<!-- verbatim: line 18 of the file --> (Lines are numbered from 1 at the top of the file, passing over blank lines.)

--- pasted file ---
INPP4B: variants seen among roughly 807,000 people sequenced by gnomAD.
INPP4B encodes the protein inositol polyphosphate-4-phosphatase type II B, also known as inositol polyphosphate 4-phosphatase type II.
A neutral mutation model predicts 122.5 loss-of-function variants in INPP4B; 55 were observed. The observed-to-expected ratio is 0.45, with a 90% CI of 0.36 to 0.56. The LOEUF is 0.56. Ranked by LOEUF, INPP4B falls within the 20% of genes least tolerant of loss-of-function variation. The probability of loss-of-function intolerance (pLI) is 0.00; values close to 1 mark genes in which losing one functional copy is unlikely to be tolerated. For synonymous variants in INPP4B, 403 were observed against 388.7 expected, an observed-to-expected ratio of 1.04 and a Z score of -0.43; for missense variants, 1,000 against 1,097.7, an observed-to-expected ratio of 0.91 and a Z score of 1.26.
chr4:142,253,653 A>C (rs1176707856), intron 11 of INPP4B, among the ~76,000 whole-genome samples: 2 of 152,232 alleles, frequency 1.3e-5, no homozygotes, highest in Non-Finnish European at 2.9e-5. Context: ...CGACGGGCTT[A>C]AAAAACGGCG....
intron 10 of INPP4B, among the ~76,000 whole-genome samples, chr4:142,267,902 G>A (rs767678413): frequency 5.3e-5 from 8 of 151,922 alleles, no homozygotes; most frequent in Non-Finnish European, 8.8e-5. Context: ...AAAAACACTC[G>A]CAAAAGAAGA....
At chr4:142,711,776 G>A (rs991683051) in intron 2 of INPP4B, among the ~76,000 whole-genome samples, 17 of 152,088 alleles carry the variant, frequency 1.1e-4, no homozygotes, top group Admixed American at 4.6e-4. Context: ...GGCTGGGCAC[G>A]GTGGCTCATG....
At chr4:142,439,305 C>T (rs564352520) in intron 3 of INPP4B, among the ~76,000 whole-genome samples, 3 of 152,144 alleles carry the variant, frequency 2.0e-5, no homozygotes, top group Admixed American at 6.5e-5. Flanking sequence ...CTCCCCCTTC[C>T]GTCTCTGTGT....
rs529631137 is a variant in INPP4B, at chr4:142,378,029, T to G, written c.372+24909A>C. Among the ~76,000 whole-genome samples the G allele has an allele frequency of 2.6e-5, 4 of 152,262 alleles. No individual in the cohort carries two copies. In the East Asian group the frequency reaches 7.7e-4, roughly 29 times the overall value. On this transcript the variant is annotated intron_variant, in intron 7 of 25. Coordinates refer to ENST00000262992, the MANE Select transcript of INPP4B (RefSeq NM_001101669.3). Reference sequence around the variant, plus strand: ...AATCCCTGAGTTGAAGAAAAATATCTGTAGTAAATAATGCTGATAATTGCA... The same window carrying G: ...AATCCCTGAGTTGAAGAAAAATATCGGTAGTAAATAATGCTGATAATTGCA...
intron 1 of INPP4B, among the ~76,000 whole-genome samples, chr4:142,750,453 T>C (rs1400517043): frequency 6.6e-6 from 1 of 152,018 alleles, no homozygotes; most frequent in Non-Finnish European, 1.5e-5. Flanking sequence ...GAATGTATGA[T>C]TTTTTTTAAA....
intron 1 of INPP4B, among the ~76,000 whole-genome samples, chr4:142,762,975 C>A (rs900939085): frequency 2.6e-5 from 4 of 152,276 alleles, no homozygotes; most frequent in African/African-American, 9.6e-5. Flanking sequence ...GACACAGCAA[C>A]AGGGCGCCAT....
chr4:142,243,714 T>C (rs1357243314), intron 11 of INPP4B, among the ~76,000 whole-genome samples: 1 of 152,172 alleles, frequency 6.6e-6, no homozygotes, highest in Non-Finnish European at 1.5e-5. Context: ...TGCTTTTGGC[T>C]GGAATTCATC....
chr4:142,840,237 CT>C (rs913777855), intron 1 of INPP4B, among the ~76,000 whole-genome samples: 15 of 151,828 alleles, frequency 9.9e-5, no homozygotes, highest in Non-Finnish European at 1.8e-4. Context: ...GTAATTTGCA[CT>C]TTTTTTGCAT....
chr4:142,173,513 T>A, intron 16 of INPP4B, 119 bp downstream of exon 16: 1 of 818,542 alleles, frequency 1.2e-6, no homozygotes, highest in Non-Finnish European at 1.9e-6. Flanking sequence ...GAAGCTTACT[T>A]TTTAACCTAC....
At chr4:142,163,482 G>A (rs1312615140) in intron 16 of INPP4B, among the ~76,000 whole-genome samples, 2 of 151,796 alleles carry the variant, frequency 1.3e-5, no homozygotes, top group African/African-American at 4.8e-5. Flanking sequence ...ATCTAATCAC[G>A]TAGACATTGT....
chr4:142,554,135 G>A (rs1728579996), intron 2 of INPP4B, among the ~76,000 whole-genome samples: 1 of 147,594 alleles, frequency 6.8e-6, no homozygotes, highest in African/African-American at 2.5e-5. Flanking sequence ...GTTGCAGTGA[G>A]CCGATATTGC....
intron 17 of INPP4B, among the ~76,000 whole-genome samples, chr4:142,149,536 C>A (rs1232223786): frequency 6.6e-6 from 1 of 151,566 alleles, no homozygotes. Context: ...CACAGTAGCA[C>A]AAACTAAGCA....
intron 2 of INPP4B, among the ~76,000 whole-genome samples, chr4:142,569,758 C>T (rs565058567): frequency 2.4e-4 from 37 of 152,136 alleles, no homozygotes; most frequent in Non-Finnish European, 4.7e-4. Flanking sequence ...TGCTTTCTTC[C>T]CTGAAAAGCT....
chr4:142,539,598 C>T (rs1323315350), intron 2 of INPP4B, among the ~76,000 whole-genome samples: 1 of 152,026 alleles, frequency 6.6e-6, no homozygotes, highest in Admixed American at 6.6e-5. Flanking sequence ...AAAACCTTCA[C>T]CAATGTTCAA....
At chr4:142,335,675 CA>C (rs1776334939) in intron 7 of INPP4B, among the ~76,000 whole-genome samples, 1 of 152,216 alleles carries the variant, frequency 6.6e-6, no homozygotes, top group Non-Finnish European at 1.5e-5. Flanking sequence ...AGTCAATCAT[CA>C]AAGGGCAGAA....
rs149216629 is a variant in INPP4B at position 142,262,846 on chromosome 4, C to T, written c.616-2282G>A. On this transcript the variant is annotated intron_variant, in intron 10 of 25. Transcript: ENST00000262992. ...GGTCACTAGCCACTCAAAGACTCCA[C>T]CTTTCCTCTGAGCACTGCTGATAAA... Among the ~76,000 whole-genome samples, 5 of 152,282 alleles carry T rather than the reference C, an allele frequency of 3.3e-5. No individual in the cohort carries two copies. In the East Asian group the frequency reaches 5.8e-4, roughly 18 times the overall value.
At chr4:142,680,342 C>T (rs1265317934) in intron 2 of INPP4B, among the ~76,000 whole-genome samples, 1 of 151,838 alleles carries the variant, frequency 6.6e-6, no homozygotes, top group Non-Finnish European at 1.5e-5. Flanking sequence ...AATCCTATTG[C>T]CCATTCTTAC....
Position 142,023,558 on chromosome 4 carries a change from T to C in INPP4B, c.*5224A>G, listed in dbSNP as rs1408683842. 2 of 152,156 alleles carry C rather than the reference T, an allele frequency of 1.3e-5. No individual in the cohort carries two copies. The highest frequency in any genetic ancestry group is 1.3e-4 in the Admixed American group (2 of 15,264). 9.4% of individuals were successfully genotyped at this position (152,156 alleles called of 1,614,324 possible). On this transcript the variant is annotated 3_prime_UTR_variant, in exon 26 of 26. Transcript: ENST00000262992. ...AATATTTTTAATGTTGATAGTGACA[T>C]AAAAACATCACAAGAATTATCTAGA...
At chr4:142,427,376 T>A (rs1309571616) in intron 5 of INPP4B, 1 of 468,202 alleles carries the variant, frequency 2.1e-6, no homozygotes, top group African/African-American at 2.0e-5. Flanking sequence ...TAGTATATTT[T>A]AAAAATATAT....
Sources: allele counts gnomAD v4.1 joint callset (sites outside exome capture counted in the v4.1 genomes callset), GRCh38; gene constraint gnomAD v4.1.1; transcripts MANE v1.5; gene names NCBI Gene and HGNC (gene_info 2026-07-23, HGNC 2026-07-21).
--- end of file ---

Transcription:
chr4:142,539,598 C>T (rs1323315350), intron 2 of INPP4B, among the ~76,000 whole-genome samples: 1 of 152,026 alleles, frequency 6.6e-6, no homozygotes, highest in Admixed American at 6.6e-5. Flanking sequence ...AAAACCTTCA[C>T]CAATGTTCAA....